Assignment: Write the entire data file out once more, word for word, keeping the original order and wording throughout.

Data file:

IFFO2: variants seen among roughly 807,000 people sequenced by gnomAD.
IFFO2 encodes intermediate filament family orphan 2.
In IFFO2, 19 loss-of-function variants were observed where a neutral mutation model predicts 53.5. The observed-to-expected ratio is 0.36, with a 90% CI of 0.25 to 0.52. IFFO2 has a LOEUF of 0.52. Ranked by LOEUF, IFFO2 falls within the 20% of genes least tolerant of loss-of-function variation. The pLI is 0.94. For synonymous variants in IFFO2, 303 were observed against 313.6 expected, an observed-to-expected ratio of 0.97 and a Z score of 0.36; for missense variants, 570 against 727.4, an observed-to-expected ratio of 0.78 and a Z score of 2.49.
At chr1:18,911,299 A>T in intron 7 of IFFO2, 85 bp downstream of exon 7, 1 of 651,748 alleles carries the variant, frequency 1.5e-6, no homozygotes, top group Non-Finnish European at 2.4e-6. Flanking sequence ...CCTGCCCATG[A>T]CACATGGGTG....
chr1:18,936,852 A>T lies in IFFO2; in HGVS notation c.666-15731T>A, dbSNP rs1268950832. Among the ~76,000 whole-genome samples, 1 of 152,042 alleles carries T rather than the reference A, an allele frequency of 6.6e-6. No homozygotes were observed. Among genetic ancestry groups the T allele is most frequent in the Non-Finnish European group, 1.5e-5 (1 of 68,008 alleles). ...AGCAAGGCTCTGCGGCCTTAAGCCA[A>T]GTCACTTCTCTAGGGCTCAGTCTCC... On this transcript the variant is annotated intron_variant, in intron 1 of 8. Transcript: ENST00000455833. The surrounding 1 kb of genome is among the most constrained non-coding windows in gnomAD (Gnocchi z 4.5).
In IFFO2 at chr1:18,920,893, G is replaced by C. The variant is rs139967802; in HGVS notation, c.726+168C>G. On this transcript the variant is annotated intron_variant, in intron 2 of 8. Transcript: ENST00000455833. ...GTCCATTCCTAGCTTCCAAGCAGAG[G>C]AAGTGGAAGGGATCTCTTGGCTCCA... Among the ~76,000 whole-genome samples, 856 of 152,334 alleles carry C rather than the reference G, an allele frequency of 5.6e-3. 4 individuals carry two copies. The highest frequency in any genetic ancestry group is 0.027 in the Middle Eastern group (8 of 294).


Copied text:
IFFO2: variants seen among roughly 807,000 people sequenced by gnomAD.
IFFO2 encodes intermediate filament family orphan 2.
In IFFO2, 19 loss-of-function variants were observed where a neutral mutation model predicts 53.5. The observed-to-expected ratio is 0.36, with a 90% CI of 0.25 to 0.52. IFFO2 has a LOEUF of 0.52. Ranked by LOEUF, IFFO2 falls within the 20% of genes least tolerant of loss-of-function variation. The pLI is 0.94. For synonymous variants in IFFO2, 303 were observed against 313.6 expected, an observed-to-expected ratio of 0.97 and a Z score of 0.36; for missense variants, 570 against 727.4, an observed-to-expected ratio of 0.78 and a Z score of 2.49.
At chr1:18,911,299 A>T in intron 7 of IFFO2, 85 bp downstream of exon 7, 1 of 651,748 alleles carries the variant, frequency 1.5e-6, no homozygotes, top group Non-Finnish European at 2.4e-6. Flanking sequence ...CCTGCCCATG[A>T]CACATGGGTG....
chr1:18,936,852 A>T lies in IFFO2; in HGVS notation c.666-15731T>A, dbSNP rs1268950832. Among the ~76,000 whole-genome samples, 1 of 152,042 alleles carries T rather than the reference A, an allele frequency of 6.6e-6. No homozygotes were observed. Among genetic ancestry groups the T allele is most frequent in the Non-Finnish European group, 1.5e-5 (1 of 68,008 alleles). ...AGCAAGGCTCTGCGGCCTTAAGCCA[A>T]GTCACTTCTCTAGGGCTCAGTCTCC... On this transcript the variant is annotated intron_variant, in intron 1 of 8. Transcript: ENST00000455833. The surrounding 1 kb of genome is among the most constrained non-coding windows in gnomAD (Gnocchi z 4.5).
In IFFO2 at chr1:18,920,893, G is replaced by C. The variant is rs139967802; in HGVS notation, c.726+168C>G. On this transcript the variant is annotated intron_variant, in intron 2 of 8. Transcript: ENST00000455833. ...GTCCATTCCTAGCTTCCAAGCAGAG[G>C]AAGTGGAAGGGATCTCTTGGCTCCA... Among the ~76,000 whole-genome samples, 856 of 152,334 alleles carry C rather than the reference G, an allele frequency of 5.6e-3. 4 individuals carry two copies. The highest frequency in any genetic ancestry group is 0.027 in the Middle Eastern group (8 of 294).